Saturday, November 13, 2021

Your honor, we find the defendant....

This is a political post. 

I had this dream.

The Wisconsin Bar Association held a press conference and declared a mistrial in the Rittenhouse ....well, thing. Action, let's call it an action. I dreamed that the Bar Association as a whole had looked at the whole...action...and decided the obvious display of bias on the part of what is supposed to be it's referee was just too egregious and just decided to rescind his license effective immediately. Pretend he died they'd say. And if the world could just hold up, they take a month, let everybody settle down and then start over.

I mean, although I'm certain more than few in the region see the circumstances of what happened that night differently than I do, I would hope they would at least be affronted with how blatant this thing is getting.

But that's not going to happen.

It's almost like it's not understood that it was this type of action - one where the law is applied as one person sees fit in front of everyone, damn what you other people think - that sparked the demonstration that got us to the night that got us here. It's like a total lack of self-awareness. It's why now the National Guard is on alert for verdict. A few years of civil rights demonstrations, followed by a tone deaf incident leading to another demonstration and then another incident and we've...well, some folks... still haven't gotten the idea that maybe justice really needs to be blind. Or at least hold the cane, bump into stuff and pretend, real, real hard.

I'm going to be honest, I didn't think they'd get a conviction there. Just the demographic make-up of the region. Even without the prosecution bringing up Call of Duty, or rulings that suddenly Apple zoom is suspect or not being allowed to call the people the defendant shot 'victims.' The judge finds no issue with the defense calling protesters to rioters or looters, but go figure. People have looked at the judges past conduct and claimed that this is about par for the course with him. But someone should tell him THIS isn't the usual course, this is Augusta's older cousin. All the little personal quirks should have been left at the clubhouse.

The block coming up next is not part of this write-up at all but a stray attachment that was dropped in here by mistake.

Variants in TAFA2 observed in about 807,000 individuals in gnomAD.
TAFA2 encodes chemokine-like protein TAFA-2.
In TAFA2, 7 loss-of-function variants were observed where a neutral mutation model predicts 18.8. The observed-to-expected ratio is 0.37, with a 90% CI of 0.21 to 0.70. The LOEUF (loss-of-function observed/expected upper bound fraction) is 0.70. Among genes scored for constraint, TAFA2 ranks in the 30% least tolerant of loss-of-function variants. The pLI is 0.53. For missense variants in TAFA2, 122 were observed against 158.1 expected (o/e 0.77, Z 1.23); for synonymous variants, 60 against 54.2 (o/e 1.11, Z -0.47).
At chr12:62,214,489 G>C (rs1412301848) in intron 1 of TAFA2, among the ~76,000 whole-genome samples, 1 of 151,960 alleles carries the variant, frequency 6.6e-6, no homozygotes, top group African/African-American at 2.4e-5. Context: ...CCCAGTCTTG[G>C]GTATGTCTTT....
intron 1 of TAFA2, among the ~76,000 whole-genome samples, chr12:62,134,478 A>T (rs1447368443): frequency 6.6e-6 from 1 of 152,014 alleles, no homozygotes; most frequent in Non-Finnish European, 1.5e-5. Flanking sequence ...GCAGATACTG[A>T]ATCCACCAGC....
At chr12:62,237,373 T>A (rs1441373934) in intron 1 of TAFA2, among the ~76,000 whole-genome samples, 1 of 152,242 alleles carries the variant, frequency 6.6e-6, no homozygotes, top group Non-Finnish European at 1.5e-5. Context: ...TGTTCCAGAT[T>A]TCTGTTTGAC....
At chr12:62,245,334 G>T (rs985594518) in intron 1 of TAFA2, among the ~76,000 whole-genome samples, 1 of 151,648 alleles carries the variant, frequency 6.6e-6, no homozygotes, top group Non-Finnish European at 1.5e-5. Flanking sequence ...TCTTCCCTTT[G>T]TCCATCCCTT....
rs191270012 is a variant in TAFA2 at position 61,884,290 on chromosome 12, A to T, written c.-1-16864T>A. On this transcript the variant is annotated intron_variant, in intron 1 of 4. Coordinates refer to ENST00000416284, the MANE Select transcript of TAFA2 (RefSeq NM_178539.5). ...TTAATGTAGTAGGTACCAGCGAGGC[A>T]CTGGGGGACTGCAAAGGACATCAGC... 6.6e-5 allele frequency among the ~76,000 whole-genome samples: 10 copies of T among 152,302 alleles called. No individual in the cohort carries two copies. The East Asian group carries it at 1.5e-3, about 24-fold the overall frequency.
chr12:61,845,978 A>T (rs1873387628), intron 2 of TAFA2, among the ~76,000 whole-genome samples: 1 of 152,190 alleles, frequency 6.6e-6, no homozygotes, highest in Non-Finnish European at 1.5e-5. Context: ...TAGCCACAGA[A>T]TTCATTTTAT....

I do find it odd that trying to get a murder conviction against a minor who crossed state lines, with a illegally acquired weapon, who then purposely went to an area where it was possible he might have to use that weapon, after publicly stating he wanted to do just that, would be a hard sell. I mean there are photographs and video. And even with the admittedly less than great witnesses, we would normally get there. As someone in the legal profession, the judges restrictions on Rittenhouse's previous statements, considering what we theoretically all learned in law school regarding state of mind, are a bit hard to swallow. But even if all of that were...even keel... I still just didn't see a conviction there. It's just that part of the country. I've read people swear that this clearly self defense. How I don't know, but they swear. These are probably the same people who don't see what Aaron Rodgers did wrong, but as I said, its that part of the country.  

What I didn't think was that the situation would look like this. Because although I'm aware the court has in essence followed the law in the usual manner, it feels like the judge has done everything but straightened the defendant's tie, patted him on the head and told him to show us all that pretty smile, because they won't let the bad 'prosecutor men' hurt him. And the idea that it even feels this way is wrong. 

I'm hoping for the best. Either way the verdict is not going to be liked. But the version I'm hoping for involves the incident/rights demonstration cycle at least getting a break. For a couple of weeks at least. 


Thursday, November 4, 2021

Five minutes watching... Dune

I don't watch a lot of movies because, well, at this point I just don't. A lot of movies and television of late have become more niche oriented and just plain horrible, and I'm trying to be productive, and also write this thing (second draft) and moreover I have a ton of video games I bought on sale I still want to play so there. So, I watch a movie or a little TV when I get a chance. Go figure. 

So I watched Dune. All two hours and thirty-five minutes of it.

It was....ummm, er.

Boy am I jaded.

Maybe it's because I first experienced Dune more than thirty years ago and unlike a quite few books I still own, I've never gone back to it. It was one of those things you were supposed to experience as a nerd in the eighties, so I did. A whole bunch of it didn't make sense to me back then, because I was young, and because it went in a wholly different direction of the big 'Stars' types (you know, Wars & Trek), I used to read everything back then so it got lost in the shuffle. Later on I would grow to appreciate the type of world-building that Herbert did here, but at the point in my life I indulged I wasn't there yet. Now comfortably aged, but not immune to nerd pressure, I tuned into my HBOMax and gave it a look.